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COVID-19 has exacerbated migrant workers’ conditions and enforced distinctions on national lines

Published 2 July 2021 / By Raluca Bejan, Kristi A Allain & Tracy Glynn

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Introduction

Located in the Maritime region of Canada, popular visions of Prince Edward Island show red-sand beaches, picturesque coastlines, wide farmlands, lighthouses, and scenic fishing villages where stacked lobster cages make picture perfect postcards. Yet behind these picturesque sceneries lies something else.

The reality for temporary foreign workers coming from abroad to work on local farms and seafood processing plants demonstrates the contradictions in this quaint imagery and points to a much hasher picture.

In the 1970s, the Canadian government developed the Temporary Foreign Worker Program (TFWP) to address national labour market needs. A program that initially targeted highly skilled individuals such as academics, engineers and business executives, the TFWP has evolved, over the last decades, towards staffing positions in seemingly less skilled employment areas such as the agricultural and fish processing fields.

Although slower than other Canadian regions in adopting this hiring scheme, the Maritime provinces have recently enthusiastically embraced the TFWP to facilitate the regional fisheries’ transition from family-based businesses to larger corporate enterprises, relying on cheap labour to compete in international markets. For example, in 2003, approximately 875 temporary foreign workers entered Prince Edward Island to harvest its farms and work in seafood processing plants. By 2020 these numbers increased to a record 1725 entries.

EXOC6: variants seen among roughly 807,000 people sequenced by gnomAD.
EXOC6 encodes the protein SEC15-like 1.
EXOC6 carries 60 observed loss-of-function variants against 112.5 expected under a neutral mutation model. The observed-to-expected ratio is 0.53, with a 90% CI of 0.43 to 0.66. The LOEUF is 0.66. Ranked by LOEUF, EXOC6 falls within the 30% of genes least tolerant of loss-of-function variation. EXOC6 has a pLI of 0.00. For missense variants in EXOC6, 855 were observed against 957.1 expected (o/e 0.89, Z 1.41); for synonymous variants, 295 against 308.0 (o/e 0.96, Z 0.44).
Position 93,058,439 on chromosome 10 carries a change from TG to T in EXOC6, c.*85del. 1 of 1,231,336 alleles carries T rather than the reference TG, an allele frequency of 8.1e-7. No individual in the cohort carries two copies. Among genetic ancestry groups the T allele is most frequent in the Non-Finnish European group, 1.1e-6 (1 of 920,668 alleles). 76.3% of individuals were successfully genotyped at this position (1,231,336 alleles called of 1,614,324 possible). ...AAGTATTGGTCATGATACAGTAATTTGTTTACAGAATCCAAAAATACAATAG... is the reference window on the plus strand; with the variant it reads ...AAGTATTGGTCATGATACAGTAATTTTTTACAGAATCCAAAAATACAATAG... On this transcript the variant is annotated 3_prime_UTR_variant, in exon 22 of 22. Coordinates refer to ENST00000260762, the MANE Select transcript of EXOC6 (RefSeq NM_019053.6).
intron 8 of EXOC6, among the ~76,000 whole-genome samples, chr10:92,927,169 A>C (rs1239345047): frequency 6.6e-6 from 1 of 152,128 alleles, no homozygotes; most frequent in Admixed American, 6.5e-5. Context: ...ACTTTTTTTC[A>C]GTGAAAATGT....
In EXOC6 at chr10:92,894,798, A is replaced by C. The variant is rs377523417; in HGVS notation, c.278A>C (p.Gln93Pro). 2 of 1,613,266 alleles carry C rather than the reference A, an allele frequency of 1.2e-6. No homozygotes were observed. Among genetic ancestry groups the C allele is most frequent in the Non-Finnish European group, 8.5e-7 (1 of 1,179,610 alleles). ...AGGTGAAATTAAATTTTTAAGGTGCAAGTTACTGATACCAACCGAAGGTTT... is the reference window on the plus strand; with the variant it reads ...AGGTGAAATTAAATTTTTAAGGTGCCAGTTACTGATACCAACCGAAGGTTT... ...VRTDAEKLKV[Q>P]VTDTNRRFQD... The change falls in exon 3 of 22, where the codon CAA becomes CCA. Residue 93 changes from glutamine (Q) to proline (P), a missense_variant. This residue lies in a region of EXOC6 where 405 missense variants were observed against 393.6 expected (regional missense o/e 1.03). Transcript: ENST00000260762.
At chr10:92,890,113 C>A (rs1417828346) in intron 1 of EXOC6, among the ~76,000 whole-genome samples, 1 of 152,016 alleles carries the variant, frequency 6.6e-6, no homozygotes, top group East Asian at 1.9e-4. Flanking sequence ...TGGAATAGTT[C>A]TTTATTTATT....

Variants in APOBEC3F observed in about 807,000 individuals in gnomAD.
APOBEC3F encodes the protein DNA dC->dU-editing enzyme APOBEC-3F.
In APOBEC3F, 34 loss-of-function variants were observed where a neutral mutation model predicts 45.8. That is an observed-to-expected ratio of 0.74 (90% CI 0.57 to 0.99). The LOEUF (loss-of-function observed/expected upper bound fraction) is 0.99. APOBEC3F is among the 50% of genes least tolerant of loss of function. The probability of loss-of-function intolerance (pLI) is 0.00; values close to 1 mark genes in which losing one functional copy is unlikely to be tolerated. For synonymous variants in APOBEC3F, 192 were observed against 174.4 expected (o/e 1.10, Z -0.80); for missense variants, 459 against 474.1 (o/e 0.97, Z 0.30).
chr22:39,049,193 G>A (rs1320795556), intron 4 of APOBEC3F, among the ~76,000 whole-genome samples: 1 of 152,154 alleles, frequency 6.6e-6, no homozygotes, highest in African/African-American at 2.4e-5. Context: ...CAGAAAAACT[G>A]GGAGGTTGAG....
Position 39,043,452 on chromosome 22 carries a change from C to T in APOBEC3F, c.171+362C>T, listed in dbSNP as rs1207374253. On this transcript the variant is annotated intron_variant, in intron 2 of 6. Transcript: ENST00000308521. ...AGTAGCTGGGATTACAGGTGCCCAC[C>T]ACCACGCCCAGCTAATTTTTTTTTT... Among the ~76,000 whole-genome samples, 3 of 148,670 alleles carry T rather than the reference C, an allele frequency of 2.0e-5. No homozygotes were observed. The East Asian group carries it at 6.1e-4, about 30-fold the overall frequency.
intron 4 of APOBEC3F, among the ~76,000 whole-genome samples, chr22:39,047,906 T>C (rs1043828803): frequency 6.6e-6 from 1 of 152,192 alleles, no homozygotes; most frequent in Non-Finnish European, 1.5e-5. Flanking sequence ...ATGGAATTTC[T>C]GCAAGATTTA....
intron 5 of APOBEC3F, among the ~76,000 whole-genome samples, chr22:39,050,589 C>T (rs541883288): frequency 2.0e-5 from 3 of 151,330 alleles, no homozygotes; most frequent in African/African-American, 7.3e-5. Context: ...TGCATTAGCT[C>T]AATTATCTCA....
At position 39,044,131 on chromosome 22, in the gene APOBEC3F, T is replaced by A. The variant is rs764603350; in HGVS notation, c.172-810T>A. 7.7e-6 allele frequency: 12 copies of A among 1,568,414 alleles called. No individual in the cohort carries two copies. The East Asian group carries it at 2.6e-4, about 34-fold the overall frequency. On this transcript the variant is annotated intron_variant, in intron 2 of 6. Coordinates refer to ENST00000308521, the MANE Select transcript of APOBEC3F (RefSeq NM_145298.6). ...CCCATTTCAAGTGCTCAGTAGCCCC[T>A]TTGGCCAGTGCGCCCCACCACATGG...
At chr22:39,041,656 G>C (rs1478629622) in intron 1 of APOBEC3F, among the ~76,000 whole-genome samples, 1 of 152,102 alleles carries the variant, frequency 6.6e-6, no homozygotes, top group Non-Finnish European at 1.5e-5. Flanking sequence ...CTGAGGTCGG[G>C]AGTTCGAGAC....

Scholars from the larger Canadian provinces such as Ontario, British Columbia and Québec have documented the unsafe occupational practices and substandard living conditions of temporary foreign workers. These include lack of adequate access to healthcare, job insecurity, abusive work practices, including ineligibility for overtime pay, low pay, long hours, and even dismissal and repatriation. Similar research has been sparse and only sporadically conducted in Maritime Canada.

Safe at Work, Unsafe at home: COVID-19 and Temporary Foreign Workers in Prince Edward Island, a community report published in June 2021, documents migrant workers’ occupational and living conditions and investigates how the COVID-pandemic has affected the workers in the region. The report was jointly authored by researchers from Dalhousie University in Halifax, Nova Scotia; St Thomas University, Fredericton, New Brunswick; and Cooper Institute in Prince Edward Island. Our team interviewed 15 workers from Mexico, the Philippines and Guatemala, who entered Canada for work after the start of the COVID pandemic in 2020. Interviews were carried out by phone, in both Spanish and English.

Through this investigation, we found that the pandemic exacerbated workers’ precarious working and living conditions, with participants citing overcrowded housing as a severe and ongoing issue. In one instance, close to 70 people shared a larger dwelling. In another instance, 17 people shared a single-family house. In some cases, sleeping arrangements consisted of one large room and several bunk beds. On average, 10 people shared one washroom and one kitchen. Participants joked that they had to “win” the stove in order to prepare their dinner.